The MyPa match was basically Parikka’s season inside seventy minutes. He was decent in his role as the interlinking player, earning a few free-kicks, coming for the ball often and keeping possession successfully. As usual, Parikka was lively and useful throughout but the only thing that he probably took home on Sunday was the knowledge that, once again, he failed to score despite having no shortage of opportunities. Parikka should not lose heart though. In stead, he should take encouragement from his strike partner’s shape up. Mäkelä has scored four goals in the last four matches (doubling his season tally) and is the single most important reason behind HJK’s good autumn form. Also, unlike Mäkelä who lives by his goals, Parikka’s other qualities make him an important part of the team even when he is not scoring. Parikka hasn’t lost his talent, just his confidence during a difficult season.
Parikka isn’t the only one who has had a hard time this year and the HJK striker has had the comfort of getting the backing of the HJK fans despite a below-par season. In contrast, to Muurinen no such luxuries have been given as criticism has been hurled at him from all directions. At most times, the criticism has been justified but now it seems ‘Mursu’ might have the last laugh after all. Finally in the last stages of the season, Muurinen seems to have found a formula for success, which reads something like this:
1.Keep it simple and tight at the back (their straw house of a defence having been reconstructed into a fortress after Mathias Lindström’s transfer).
2.Forget aesthetics, use straightforward attacking tactics (meaning, either play the ball to the feet of the wingers, if they are in deep positions, or play direct balls behind the defence for the front two to chase after; defensively speaking this translates: don’t lose the ball in dangerous areas).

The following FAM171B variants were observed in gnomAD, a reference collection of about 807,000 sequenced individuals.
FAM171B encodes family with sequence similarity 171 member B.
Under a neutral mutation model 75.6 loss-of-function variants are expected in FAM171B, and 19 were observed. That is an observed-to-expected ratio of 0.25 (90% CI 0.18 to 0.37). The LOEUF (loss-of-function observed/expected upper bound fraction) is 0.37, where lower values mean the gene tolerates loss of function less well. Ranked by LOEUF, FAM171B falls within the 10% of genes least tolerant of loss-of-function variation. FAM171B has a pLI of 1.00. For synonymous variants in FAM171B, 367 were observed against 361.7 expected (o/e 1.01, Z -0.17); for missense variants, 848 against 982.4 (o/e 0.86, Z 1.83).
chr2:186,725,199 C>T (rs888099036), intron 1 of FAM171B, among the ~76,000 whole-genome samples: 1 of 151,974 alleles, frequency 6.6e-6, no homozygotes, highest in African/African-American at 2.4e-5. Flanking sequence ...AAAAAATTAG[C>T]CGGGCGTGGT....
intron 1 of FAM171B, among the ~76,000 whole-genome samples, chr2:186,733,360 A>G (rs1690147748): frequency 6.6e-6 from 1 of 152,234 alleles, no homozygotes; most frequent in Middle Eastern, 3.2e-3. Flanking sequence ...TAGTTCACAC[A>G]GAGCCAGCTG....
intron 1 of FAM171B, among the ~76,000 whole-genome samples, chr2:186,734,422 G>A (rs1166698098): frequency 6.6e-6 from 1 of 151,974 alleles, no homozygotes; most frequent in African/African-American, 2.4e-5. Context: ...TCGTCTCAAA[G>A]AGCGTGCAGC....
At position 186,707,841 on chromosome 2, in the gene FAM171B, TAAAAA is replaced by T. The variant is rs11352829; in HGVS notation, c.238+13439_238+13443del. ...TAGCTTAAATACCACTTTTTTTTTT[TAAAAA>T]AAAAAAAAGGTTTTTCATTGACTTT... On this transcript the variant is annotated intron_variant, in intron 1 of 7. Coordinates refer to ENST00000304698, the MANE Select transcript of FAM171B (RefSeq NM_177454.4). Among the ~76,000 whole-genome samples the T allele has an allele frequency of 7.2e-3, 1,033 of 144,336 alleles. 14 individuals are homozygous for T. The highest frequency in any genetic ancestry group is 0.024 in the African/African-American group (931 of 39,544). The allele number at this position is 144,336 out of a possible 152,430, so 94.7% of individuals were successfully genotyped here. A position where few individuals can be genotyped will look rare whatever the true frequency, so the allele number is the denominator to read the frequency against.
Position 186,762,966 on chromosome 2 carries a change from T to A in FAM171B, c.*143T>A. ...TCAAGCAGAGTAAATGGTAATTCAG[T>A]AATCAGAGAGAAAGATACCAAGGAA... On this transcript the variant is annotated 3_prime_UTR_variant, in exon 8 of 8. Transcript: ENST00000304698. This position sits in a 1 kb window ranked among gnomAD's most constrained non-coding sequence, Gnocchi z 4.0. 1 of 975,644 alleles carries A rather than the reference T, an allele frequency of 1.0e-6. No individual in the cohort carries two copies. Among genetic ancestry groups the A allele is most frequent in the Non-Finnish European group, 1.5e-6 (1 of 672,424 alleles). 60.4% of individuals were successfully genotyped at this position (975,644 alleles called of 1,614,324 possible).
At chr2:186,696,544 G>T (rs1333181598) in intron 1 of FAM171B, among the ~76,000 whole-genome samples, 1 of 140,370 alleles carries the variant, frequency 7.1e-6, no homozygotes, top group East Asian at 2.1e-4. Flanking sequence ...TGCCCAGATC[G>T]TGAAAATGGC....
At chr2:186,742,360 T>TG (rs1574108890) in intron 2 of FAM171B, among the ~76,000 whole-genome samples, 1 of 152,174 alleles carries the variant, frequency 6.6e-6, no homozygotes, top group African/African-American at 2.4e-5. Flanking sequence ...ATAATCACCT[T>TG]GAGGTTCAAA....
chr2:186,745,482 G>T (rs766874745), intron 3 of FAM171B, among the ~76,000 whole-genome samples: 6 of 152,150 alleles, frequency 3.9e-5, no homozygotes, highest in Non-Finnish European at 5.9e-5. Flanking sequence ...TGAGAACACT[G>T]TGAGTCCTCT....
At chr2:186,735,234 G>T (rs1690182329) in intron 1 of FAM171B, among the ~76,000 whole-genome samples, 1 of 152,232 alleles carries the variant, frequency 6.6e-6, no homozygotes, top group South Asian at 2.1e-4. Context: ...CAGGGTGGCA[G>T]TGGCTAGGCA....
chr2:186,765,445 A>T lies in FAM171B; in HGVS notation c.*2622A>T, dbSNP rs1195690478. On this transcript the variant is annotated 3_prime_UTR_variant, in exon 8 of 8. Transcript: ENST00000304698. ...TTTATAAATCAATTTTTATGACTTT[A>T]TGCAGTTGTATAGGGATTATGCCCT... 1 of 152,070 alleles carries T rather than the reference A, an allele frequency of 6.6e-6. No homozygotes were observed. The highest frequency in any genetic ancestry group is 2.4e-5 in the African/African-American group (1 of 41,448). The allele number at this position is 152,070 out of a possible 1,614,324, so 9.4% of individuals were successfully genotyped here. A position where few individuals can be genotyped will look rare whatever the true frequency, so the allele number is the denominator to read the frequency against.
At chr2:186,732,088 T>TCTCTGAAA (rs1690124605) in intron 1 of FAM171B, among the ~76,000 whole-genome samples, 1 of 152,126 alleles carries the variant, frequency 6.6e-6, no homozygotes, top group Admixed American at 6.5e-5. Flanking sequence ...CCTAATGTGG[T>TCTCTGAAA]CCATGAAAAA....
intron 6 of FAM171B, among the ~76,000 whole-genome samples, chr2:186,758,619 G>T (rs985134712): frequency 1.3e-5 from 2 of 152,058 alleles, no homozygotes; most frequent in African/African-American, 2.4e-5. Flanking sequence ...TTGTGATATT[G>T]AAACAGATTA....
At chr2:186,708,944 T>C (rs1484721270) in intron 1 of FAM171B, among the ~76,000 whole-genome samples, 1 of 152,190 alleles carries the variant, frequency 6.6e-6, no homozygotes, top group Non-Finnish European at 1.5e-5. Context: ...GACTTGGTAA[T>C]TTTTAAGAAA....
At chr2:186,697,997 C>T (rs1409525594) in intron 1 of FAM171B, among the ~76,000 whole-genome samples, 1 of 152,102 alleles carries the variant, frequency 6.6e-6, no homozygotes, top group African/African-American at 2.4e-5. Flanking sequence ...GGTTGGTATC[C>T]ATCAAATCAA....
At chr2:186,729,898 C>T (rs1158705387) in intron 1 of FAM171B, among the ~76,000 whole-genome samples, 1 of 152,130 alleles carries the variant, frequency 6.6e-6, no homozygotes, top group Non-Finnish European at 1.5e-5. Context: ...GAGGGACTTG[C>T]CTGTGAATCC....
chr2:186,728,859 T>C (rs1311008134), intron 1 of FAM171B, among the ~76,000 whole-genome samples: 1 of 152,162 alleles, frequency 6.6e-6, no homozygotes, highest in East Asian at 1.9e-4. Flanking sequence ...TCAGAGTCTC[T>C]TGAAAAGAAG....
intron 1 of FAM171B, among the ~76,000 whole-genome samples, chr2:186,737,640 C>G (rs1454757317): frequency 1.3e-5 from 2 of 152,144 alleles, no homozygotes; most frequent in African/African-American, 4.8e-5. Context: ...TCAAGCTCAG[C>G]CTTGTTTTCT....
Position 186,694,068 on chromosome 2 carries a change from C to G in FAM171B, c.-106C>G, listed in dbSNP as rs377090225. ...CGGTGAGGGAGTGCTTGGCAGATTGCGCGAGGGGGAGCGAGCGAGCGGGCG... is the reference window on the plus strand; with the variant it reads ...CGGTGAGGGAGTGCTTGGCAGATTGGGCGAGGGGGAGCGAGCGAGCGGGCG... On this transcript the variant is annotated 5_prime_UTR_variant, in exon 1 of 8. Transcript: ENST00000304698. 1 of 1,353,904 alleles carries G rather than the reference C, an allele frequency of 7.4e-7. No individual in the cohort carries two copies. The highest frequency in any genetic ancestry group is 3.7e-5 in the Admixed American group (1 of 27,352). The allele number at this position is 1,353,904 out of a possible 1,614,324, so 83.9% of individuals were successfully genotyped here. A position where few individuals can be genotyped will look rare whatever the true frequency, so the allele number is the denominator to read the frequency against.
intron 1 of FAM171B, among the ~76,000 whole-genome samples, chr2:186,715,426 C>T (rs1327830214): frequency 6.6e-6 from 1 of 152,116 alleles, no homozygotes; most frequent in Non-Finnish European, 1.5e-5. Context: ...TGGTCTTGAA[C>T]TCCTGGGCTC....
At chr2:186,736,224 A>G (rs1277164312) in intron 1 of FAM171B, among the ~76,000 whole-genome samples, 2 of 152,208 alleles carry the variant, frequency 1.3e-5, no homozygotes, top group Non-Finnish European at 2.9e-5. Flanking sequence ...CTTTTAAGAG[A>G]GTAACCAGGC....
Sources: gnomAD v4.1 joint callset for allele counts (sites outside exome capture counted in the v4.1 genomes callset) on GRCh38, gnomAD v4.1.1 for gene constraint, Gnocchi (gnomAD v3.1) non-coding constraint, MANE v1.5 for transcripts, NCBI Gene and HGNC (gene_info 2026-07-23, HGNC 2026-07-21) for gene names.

3.Rely on the wingers and the re-kindled Juho Mäkelä to provide the spoils
Has the apostle of ‘attacking football’ found the pragmatist in him?
HJK’s approach might not be innovative. It might not be pretty. But if it is the means to an end to remove their six year title clot, even the anti-Muurinen contingent at the Finnair Stadium probably won’t mind. Whatever will happen after the season on the coaching front, will happen. The title is all that matters now.
And it remains a possibility that HJK will get to lift the trophy already in Turku next Sunday. However, it does seem unlikely that TPS would drop points in Myllykoski and, therefore, a point from Inter for HJK would go a long way. In the last round, HJK host FF Jaro and TPS travel to Espoo so it should be a mouth-watering final day. Let’s hope the climax will be delayed until the 17th of October.